Leung Kar Yan plays a kung-fu obsessed nobody whose various antics land him in trouble with local gyms. After getting a sound thrashing from local heavy Hsia (veteran bad guy Eddie Ko), Leung befriends an acrobatic kid who then introduces him to this grumpy uncle. The uncle refuses to teach a stranger his Mantis Fist and therefore Leung is forced to learn in secret. After another beating at the hands of Hsia, Leung is finally accepted as a student albeit through trickery. The new student relishes this punishing training and continues to form a bond with his new master. However, Hsia is eager to finish what he started and kills nearly everyone Leung knows and values – including his eccentric master. With just the kid and himself left, Leung is forced to see his friend’s demise at Hsia’s hands; however, the sheer trauma acts as the catalyst for Leung to take revenge as he is finally pushed over the edge.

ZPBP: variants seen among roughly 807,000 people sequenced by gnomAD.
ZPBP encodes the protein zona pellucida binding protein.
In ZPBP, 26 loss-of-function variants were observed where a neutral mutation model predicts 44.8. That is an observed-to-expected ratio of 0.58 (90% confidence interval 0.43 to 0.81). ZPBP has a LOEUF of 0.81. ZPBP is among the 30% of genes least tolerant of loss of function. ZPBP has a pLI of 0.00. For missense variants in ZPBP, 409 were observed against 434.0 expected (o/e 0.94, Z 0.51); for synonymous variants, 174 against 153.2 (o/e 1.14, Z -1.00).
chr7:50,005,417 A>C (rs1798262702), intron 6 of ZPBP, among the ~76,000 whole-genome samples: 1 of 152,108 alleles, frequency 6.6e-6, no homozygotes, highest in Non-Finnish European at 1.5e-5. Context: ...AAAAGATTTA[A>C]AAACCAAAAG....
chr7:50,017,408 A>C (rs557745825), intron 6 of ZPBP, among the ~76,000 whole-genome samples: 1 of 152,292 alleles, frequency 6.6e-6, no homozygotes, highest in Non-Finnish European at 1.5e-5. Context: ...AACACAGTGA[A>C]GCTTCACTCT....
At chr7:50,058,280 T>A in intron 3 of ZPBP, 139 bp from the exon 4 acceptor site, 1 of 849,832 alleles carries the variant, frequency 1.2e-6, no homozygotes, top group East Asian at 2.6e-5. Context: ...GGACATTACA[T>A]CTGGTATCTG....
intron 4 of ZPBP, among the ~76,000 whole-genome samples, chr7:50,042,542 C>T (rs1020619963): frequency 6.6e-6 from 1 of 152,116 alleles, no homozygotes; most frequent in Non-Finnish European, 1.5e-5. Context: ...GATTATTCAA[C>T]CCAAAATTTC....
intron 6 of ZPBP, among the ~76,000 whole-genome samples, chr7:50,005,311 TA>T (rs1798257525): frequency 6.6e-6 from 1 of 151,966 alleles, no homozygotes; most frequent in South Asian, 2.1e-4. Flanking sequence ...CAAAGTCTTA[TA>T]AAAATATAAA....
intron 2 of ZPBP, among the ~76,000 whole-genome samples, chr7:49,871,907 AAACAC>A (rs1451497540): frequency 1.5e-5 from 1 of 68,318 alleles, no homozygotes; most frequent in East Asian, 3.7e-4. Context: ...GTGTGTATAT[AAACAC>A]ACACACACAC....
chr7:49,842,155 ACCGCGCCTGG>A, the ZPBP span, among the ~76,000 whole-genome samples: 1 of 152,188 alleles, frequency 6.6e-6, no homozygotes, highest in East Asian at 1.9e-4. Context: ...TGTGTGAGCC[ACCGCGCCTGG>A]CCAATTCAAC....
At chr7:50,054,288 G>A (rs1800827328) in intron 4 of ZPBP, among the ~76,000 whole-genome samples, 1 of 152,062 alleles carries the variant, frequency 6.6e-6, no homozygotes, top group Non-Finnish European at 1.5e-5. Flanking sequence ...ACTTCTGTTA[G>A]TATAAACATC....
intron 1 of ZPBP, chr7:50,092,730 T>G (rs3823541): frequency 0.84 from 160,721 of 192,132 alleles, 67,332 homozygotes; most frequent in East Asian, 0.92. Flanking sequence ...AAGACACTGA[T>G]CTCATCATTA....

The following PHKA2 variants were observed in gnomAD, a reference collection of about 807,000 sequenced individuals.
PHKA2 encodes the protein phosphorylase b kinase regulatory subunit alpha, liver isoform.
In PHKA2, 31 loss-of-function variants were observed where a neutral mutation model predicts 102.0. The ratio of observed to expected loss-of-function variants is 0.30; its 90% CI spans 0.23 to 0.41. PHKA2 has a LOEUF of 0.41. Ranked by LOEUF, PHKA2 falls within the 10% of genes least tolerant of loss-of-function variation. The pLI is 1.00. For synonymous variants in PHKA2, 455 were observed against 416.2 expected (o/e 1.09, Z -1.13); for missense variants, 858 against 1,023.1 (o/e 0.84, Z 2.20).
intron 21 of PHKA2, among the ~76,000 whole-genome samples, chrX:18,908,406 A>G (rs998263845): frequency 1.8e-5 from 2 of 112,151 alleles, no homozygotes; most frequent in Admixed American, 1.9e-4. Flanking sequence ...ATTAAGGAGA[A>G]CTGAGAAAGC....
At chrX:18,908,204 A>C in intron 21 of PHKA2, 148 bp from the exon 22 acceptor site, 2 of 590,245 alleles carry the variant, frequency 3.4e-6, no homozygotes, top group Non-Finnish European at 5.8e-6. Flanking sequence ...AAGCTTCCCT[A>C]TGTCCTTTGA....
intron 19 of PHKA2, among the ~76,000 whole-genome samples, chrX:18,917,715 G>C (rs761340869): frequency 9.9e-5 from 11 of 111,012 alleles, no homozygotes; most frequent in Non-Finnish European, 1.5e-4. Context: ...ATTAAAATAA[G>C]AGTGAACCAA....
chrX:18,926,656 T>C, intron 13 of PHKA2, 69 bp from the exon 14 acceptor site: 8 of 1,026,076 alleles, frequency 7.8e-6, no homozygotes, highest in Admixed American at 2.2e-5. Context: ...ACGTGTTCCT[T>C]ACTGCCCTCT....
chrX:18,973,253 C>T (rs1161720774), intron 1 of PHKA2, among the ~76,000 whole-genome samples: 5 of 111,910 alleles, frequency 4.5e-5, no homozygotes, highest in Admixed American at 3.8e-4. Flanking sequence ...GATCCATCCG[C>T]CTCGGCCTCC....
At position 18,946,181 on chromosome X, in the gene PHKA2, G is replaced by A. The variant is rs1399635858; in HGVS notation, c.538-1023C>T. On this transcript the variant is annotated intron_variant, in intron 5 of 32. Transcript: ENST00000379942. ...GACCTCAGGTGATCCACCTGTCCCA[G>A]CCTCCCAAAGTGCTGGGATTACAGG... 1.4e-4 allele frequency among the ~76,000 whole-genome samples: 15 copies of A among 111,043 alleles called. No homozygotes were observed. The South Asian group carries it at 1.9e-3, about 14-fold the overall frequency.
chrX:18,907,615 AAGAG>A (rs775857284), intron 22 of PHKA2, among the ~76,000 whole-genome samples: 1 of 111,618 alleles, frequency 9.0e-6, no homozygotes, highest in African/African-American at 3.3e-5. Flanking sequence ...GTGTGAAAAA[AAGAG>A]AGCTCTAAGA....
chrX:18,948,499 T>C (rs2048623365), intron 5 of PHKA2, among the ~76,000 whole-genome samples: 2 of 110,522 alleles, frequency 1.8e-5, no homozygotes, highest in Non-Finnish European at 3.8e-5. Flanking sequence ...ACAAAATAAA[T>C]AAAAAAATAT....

The success of ‘Sleeping Fist’ meant the re-teaming of popular kung fu star Leung Kar Yan and acrobatic youngster Wong Yat Lung for a film that stays pretty much within the boundaries of the kung fu genre. The film follows the well-known storyline of ‘fighter finds master: master teaches hidden secrets to new student: villain kills master: fighter exacts revenge’ and within these conventions is an enjoyable yet unremarkable kung-fu film. However, the last ten minutes flips this onto its head as the audience literally see Leung Kar Yan go insane and decimate the villain’s hordes. Cackling, crying and shrieking, the hero suddenly goes beyond the usual confines of revenge and enters complete madness; the effect of this on the film is jaw-dropping to watch. ‘The Thundering Mantis’ is a three star film that earns a fourth for its remarkable ending and Leung Kar Yan’s virtuoso performance as the hero driven straight over the edge.